The small town of Iuka, Mississippi, located in the state’s northeast corner, experienced its one and only American Civil War battle on September 19, 1862. The battle resulted from unique circumstances.
Cotton Kingdom, 1833–1865
Without question, Sarah Anne Ellis Dorsey was one of the most intellectually gifted women of Mississippi. With considerable aplomb, she dealt as best she could with the emotional tensions arising from her lifelong compulsion to balance the conventional female role of the plantation South with a more rigorous life of the mind. Her heart and soul refused to submit to all the repressive demands that held women in a virtual prison, called hearth and home. But finding a proper balance between these polarities in the 19th century was scarcely easy.
“Build me straight, O worthy Master!
Stanch and strong, a goodly vessel,
That shall laugh at all disaster
And with wave and whirlwind wrestle!”
Henry Wadsworth Longfellow
In its 19th century beginning, the seafood industry in Biloxi, Mississippi, supplied only local markets with its succulent shrimp and plump oysters, and coast residents had always enjoyed the bounty of the harvest. Located on the water’s edge of the Gulf of Mexico, the city erected the Biloxi Lighthouse in 1848 to guide fishermen safely home. Locally caught and processed seafood could not be shipped to any market of great distance since there was no way to prevent spoilage.
Man-made ice is a common everyday item, one that Americans take for granted. It is produced as small cubes in refrigerators at homes and businesses, and fills ice chests at parks and beaches for use whenever we need or want it.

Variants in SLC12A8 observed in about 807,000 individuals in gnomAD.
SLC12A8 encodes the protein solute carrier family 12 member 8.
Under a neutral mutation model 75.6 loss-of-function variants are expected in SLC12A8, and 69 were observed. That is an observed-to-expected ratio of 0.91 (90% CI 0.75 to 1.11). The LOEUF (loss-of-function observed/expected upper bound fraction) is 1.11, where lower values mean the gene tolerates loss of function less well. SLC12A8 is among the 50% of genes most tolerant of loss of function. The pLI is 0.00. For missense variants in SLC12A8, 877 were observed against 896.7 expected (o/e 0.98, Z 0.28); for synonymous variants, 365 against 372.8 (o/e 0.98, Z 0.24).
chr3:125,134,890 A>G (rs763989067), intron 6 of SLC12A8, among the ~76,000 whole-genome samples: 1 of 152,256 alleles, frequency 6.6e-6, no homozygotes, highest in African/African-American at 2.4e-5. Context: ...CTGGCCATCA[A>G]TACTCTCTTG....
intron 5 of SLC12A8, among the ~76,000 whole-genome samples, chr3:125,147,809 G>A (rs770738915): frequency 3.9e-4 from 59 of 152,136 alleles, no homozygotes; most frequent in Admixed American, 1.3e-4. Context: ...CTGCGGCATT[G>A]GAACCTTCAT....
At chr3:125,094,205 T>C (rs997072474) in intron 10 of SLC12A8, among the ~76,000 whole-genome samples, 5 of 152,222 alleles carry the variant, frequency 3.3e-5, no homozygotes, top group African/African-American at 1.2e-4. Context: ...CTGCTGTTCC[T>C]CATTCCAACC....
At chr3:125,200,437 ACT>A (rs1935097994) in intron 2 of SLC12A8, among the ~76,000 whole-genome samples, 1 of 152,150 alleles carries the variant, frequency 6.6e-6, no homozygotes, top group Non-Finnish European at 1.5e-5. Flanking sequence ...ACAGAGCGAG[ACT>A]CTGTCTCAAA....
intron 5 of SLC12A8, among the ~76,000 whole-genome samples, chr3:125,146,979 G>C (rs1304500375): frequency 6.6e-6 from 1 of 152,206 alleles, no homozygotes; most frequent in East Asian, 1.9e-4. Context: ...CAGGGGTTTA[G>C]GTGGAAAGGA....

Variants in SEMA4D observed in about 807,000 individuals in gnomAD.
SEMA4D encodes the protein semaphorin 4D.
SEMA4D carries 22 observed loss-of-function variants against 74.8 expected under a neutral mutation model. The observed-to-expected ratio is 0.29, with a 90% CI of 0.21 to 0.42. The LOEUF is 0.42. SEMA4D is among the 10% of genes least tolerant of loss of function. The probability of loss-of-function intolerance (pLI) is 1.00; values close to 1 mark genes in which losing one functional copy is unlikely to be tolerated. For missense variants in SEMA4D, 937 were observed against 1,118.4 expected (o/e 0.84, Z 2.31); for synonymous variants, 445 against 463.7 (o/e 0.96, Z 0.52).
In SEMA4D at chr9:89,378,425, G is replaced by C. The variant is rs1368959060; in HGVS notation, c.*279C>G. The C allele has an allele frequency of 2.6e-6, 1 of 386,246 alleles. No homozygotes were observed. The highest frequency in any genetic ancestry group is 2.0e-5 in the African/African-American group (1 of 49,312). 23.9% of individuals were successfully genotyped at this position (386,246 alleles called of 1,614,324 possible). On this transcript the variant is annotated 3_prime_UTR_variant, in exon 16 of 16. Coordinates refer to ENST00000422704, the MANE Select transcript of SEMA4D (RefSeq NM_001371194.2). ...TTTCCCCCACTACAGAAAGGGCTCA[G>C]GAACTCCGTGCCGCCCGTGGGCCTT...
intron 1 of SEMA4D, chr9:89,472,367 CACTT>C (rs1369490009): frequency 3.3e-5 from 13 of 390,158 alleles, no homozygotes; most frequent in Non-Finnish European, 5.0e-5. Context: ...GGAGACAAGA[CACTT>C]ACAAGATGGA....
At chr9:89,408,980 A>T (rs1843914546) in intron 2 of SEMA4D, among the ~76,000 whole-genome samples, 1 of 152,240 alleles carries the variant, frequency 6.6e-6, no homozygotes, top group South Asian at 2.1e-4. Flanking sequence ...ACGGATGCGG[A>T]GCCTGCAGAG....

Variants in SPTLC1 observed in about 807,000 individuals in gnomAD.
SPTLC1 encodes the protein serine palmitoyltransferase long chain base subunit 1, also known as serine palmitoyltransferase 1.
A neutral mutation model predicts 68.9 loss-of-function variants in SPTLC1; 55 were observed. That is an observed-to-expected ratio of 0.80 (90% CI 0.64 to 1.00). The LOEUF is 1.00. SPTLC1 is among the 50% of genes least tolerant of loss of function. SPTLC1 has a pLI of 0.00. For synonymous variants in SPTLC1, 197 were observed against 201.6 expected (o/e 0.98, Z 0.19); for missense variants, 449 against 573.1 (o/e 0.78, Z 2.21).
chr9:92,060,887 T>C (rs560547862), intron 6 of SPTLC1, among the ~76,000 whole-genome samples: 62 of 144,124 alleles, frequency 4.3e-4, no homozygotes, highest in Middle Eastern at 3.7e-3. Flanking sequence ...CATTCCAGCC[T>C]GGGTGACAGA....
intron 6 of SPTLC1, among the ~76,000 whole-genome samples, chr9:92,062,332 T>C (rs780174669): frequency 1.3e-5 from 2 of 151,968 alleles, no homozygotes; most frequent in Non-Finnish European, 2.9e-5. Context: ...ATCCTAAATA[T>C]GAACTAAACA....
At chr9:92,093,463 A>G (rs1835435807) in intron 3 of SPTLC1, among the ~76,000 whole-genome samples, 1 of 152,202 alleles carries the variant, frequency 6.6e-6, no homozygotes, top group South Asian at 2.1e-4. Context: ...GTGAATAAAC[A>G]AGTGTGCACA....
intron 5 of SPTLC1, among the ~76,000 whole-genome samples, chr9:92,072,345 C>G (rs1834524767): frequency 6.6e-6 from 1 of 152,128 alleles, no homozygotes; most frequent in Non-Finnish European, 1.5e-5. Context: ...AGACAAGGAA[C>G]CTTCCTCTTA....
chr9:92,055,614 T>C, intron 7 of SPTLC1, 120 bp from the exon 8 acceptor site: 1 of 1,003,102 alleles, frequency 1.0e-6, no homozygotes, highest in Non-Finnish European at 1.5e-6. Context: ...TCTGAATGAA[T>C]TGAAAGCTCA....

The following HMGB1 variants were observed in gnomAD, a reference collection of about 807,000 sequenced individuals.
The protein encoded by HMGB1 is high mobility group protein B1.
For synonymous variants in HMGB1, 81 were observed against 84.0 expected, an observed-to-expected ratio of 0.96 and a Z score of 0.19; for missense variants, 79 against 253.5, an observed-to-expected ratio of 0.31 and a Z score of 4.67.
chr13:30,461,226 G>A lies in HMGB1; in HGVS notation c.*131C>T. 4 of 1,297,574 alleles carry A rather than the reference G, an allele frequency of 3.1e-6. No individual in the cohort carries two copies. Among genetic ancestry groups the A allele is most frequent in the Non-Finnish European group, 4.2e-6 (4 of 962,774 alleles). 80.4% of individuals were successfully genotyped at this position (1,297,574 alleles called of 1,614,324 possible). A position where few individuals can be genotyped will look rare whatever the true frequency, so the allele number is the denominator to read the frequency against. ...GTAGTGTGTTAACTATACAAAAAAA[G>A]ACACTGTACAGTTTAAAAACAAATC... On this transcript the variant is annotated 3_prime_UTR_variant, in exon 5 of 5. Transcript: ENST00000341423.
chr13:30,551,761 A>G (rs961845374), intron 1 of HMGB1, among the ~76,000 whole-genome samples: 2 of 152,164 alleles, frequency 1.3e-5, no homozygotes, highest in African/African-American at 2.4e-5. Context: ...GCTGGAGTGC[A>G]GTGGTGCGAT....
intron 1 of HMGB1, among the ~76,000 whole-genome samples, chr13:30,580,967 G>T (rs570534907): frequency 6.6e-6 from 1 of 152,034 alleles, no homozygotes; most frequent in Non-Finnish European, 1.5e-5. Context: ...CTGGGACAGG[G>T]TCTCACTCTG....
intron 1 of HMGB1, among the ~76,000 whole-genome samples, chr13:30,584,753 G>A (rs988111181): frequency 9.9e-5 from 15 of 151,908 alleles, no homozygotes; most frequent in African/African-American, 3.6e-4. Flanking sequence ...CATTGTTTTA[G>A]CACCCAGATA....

The study of historic architectural styles provides us a unique way to learn how our ancestors lived and worked, how and what they built, and what they thought about themselves and their society as expressed in their buildings. Mississippi has a wide variety of architectural styles. Here is an overview of them.
Studying the architecture of the communities in our state can reveal new insights into our history and culture. Using examples of a log cabin and a more ornate Federal style house, students can easily draw conclusions about differences in ways of living. This lesson will encourage further investigation of a variety of architectural styles used throughout the state’s history and a consideration of how our buildings reflect who we are and the realities of our world from one time period to another.
It was late April 1865 and more than 2,000 tired, sick, and injured men, wearing dirty and tattered clothes, filed down the bluff from Vicksburg to a steamboat waiting at the docks on the Mississippi River.
The city of Vicksburg was ravaged by the American Civil War, and so were the men who were about to board the steamboat Sultana. Almost all were Union soldiers who had survived the battlefields only to be captured by Confederate troops and sent to prison camps in Alabama, Georgia, and Mississippi.
On April 27, 1865, the steamboat Sultana exploded and sank some seven miles north of Memphis, Tennessee. The steamboat was carrying former Union prisoners of war that had boarded at Vicksburg, Mississippi, plus civilian passengers and the ship’s crew. About 1,700 of the approximately 2,400 passengers died in this disaster.